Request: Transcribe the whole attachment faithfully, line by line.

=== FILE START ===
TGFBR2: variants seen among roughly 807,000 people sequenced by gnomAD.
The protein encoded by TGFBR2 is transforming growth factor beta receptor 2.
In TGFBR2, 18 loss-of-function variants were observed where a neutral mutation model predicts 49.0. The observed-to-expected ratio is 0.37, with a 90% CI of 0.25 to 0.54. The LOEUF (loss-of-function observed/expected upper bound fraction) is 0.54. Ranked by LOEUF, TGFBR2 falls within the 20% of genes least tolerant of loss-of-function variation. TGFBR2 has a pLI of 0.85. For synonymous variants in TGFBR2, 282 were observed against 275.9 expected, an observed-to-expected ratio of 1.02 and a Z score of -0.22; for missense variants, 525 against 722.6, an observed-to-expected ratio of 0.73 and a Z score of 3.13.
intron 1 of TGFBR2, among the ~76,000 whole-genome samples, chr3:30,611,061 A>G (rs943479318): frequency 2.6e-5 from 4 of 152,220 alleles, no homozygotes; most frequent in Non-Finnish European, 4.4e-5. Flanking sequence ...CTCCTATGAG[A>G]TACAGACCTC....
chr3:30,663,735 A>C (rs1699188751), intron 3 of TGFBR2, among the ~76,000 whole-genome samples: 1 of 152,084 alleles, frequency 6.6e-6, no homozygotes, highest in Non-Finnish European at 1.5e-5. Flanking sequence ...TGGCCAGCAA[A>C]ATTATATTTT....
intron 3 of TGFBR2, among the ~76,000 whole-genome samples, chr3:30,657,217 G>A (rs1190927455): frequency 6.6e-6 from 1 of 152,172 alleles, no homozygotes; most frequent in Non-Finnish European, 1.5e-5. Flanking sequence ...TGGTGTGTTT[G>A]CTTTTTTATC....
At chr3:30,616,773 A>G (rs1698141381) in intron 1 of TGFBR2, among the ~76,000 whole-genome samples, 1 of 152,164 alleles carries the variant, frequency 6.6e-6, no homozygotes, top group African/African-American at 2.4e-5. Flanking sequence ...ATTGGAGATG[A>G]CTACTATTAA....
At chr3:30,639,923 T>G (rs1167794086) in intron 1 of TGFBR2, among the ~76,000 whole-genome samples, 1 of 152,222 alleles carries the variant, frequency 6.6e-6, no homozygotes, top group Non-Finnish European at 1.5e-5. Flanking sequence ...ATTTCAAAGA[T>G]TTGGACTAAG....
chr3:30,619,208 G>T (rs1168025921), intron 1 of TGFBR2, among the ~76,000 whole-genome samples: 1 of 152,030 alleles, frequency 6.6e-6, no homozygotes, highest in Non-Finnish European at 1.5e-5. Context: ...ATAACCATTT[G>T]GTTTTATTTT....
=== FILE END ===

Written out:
TGFBR2: variants seen among roughly 807,000 people sequenced by gnomAD.
The protein encoded by TGFBR2 is transforming growth factor beta receptor 2.
In TGFBR2, 18 loss-of-function variants were observed where a neutral mutation model predicts 49.0. The observed-to-expected ratio is 0.37, with a 90% CI of 0.25 to 0.54. The LOEUF (loss-of-function observed/expected upper bound fraction) is 0.54. Ranked by LOEUF, TGFBR2 falls within the 20% of genes least tolerant of loss-of-function variation. TGFBR2 has a pLI of 0.85. For synonymous variants in TGFBR2, 282 were observed against 275.9 expected, an observed-to-expected ratio of 1.02 and a Z score of -0.22; for missense variants, 525 against 722.6, an observed-to-expected ratio of 0.73 and a Z score of 3.13.
intron 1 of TGFBR2, among the ~76,000 whole-genome samples, chr3:30,611,061 A>G (rs943479318): frequency 2.6e-5 from 4 of 152,220 alleles, no homozygotes; most frequent in Non-Finnish European, 4.4e-5. Flanking sequence ...CTCCTATGAG[A>G]TACAGACCTC....
chr3:30,663,735 A>C (rs1699188751), intron 3 of TGFBR2, among the ~76,000 whole-genome samples: 1 of 152,084 alleles, frequency 6.6e-6, no homozygotes, highest in Non-Finnish European at 1.5e-5. Flanking sequence ...TGGCCAGCAA[A>C]ATTATATTTT....
intron 3 of TGFBR2, among the ~76,000 whole-genome samples, chr3:30,657,217 G>A (rs1190927455): frequency 6.6e-6 from 1 of 152,172 alleles, no homozygotes; most frequent in Non-Finnish European, 1.5e-5. Flanking sequence ...TGGTGTGTTT[G>A]CTTTTTTATC....
At chr3:30,616,773 A>G (rs1698141381) in intron 1 of TGFBR2, among the ~76,000 whole-genome samples, 1 of 152,164 alleles carries the variant, frequency 6.6e-6, no homozygotes, top group African/African-American at 2.4e-5. Flanking sequence ...ATTGGAGATG[A>G]CTACTATTAA....
At chr3:30,639,923 T>G (rs1167794086) in intron 1 of TGFBR2, among the ~76,000 whole-genome samples, 1 of 152,222 alleles carries the variant, frequency 6.6e-6, no homozygotes, top group Non-Finnish European at 1.5e-5. Flanking sequence ...ATTTCAAAGA[T>G]TTGGACTAAG....
chr3:30,619,208 G>T (rs1168025921), intron 1 of TGFBR2, among the ~76,000 whole-genome samples: 1 of 152,030 alleles, frequency 6.6e-6, no homozygotes, highest in Non-Finnish European at 1.5e-5. Context: ...ATAACCATTT[G>T]GTTTTATTTT....